The typical household in North Carolina earns about $8,000 less than the typical household nationwide. The state also has one of the higher poverty rates in the country. North Carolina has slowly reduced provisions and funding for mental health over the years. The number of state psychiatric hospital beds has declined by more than 90% since 1955. It is one of just a few states to reduce its budget for mental health each year from 2013 through 2015.

12. Alabama
> Pct. of adults w/ serious mental illness: 4.5%
> Total adults w/ serious mental illness: 170,000 (22nd most)
> Pct. adults abusing alcohol or illicit drugs: 7.9% (4th lowest)
> Median household income: $44,765 (4th lowest)

While the causes of mental illness are varied and complicated, stress can certainly lead to depression and other serious conditions. Those living with low incomes and in poverty are subject to many kinds of stress, including that of living paycheck-to-paycheck, or potentially living in serious debt. In Alabama, 18.5% of residents live in poverty, the fifth highest rate in the country. And the typical household’s annual income is about $11,000 below the national median household income.

Alabama has the fourth highest prescription drug use rate in the country. For each resident, some 17 prescriptions are filled annually.

11. Missouri
> Pct. of adults w/ serious mental illness: 4.6%
> Total adults w/ serious mental illness: 214,000 (17th most)
> Pct. adults abusing alcohol or illicit drugs: 8.5% (18th lowest)
> Median household income: $50,238 (15th lowest)

The rate of serious mental illness among adults in Missouri is one of the highest of any state, but it is an outlier compared to most states on this list. When including less serious conditions such as attention deficit disorder, seasonal affective disorder, and many social phobia, the rate of mental illness is roughly in line with the national share. The state is similarly average in the share of adults who have had suicidal thoughts and of those who have had a major depressive episode, each of which tends to correlate with the share of adults with serious mental illness.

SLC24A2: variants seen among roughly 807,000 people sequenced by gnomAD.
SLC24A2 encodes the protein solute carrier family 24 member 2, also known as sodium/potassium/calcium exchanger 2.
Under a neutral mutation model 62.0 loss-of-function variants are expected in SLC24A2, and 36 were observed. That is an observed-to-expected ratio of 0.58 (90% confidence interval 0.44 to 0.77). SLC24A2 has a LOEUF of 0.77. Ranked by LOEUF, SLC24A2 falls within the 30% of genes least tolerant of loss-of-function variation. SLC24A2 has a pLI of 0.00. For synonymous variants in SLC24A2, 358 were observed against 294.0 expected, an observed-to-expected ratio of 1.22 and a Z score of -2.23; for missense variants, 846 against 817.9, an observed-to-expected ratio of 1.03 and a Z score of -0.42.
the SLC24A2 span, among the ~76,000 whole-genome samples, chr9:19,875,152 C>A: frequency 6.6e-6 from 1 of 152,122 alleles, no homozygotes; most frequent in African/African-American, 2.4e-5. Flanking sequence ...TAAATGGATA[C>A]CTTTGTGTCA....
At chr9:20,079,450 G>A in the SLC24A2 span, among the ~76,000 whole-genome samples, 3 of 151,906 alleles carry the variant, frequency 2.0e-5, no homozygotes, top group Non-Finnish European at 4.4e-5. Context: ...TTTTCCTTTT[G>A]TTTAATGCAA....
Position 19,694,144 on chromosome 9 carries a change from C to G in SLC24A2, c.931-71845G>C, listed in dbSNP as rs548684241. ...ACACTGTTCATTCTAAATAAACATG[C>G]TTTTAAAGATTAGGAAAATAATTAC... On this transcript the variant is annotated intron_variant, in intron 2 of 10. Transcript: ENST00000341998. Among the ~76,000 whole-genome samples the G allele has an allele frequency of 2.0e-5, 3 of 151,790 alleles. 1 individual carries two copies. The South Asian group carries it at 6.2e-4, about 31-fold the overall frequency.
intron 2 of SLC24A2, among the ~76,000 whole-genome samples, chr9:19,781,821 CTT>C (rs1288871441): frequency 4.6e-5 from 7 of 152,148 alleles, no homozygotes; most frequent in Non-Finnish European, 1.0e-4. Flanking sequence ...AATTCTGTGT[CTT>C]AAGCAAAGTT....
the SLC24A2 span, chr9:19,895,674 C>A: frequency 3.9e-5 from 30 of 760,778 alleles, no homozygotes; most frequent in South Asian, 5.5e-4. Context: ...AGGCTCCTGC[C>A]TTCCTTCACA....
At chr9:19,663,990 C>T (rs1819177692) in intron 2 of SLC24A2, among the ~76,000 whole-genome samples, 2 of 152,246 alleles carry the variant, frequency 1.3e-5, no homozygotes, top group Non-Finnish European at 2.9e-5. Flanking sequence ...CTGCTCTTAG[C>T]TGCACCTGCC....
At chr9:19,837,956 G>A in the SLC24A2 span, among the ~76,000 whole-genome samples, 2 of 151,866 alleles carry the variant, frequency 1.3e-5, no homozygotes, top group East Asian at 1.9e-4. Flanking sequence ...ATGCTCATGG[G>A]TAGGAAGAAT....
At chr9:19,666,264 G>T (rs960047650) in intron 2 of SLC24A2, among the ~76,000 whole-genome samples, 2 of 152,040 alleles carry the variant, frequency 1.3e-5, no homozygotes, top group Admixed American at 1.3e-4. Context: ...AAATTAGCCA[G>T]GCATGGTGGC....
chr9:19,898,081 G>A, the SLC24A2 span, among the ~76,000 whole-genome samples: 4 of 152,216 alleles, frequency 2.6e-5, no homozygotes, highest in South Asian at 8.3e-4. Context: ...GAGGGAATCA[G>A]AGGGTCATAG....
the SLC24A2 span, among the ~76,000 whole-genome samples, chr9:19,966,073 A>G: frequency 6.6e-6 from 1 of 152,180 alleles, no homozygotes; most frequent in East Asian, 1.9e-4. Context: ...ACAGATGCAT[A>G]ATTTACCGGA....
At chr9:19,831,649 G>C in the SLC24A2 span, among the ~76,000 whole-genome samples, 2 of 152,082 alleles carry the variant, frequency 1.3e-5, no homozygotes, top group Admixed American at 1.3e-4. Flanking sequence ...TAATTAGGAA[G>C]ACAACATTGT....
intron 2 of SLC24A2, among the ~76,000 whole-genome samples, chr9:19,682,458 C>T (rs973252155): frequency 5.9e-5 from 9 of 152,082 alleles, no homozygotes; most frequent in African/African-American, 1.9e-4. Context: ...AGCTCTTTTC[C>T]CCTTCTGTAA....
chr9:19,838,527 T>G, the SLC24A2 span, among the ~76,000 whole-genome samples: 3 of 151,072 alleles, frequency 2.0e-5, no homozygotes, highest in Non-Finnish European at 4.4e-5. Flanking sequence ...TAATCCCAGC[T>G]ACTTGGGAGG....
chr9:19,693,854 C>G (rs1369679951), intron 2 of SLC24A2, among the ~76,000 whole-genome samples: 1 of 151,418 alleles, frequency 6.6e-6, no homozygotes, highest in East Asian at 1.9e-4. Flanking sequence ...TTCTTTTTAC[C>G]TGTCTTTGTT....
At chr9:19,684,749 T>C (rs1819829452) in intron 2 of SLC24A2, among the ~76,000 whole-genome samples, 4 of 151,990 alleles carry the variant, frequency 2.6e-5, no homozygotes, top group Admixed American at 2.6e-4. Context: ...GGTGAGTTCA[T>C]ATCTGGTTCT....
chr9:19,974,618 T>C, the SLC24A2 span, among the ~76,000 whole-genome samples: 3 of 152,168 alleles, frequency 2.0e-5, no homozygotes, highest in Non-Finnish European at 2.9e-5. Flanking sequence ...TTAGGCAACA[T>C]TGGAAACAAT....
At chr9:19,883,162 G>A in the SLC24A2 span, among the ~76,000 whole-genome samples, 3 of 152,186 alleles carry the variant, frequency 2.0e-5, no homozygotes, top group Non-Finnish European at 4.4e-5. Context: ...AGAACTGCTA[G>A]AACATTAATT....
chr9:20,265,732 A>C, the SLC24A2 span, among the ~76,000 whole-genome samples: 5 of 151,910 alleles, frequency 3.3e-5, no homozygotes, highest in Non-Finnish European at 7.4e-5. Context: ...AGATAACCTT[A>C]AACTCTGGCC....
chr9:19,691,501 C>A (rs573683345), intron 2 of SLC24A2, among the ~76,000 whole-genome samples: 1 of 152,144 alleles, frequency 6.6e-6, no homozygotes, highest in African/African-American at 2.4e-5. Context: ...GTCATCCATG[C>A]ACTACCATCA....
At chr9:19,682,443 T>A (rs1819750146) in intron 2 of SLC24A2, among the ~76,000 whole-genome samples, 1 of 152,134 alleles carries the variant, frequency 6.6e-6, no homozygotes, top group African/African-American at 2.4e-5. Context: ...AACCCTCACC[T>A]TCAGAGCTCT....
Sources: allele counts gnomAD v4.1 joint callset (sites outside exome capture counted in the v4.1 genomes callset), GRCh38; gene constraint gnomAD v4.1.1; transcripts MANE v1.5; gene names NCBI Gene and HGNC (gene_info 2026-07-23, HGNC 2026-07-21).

One thing potentially leading to higher incidence of mental illness in Missouri is the presence of serious, chronic illnesses, which can lead to depression and other psychological conditions. The state has one of the 10 highest shares of adults with obesity, as well as the 10th highest rate of cancer deaths.

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10. Oregon
> Pct. of adults w/ serious mental illness: 4.6%
> Total adults w/ serious mental illness: 147,000 (25th fewest)
> Pct. adults abusing alcohol or illicit drugs: 9.8% (8th highest)
> Median household income: $54,148 (25th lowest)

About 21% of adults in Oregon have some kind of mental illness, the second highest share of any state. About one in five of these are serious, debilitating illnesses such as schizophrenia, bipolar disorder, and severe depression.

Substance abuse often coincides with mental illness for a number of reasons. People living with a condition such as depression, anxiety, or schizophrenia are more likely to self-medicate. Drugs and alcohol can also increase the risk of developing a mental illness, and substance abuse can exacerbate the symptoms of existing conditions. In Oregon, around one in 10 adults abuse or are dependent on illicit drugs or alcohol, one of the higher rates in the country. Also, the share of residents who need but do not receive treatment for illicit drug use is one of the highest.

9. Indiana
> Pct. of adults w/ serious mental illness: 4.7%
> Total adults w/ serious mental illness: 237,000 (14th most)
> Pct. adults abusing alcohol or illicit drugs: 9.3% (17th highest)
> Median household income: $50,532 (16th lowest)

More than 1 million Indiana adults, about one in five, suffer from some form of mental illness. The state also has one of the highest shares of adults enduring serious mental illnesses such as bipolar disorder, eating disorders like bulimia, and schizophrenia. Adults in the state also report higher rates of problems associated with mental illness. Some 7.7% of adults in the state have had a major depressive episode in the past year, and about 4.5% have seriously contemplated suicide, each among the higher shares of any state.

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8. Vermont
> Pct. of adults w/ serious mental illness: 4.7%
> Total adults w/ serious mental illness: 24,000 (4th fewest)
> Pct. adults abusing alcohol or illicit drugs: 10.1% (5th highest)
> Median household income: $56,990 (20th highest)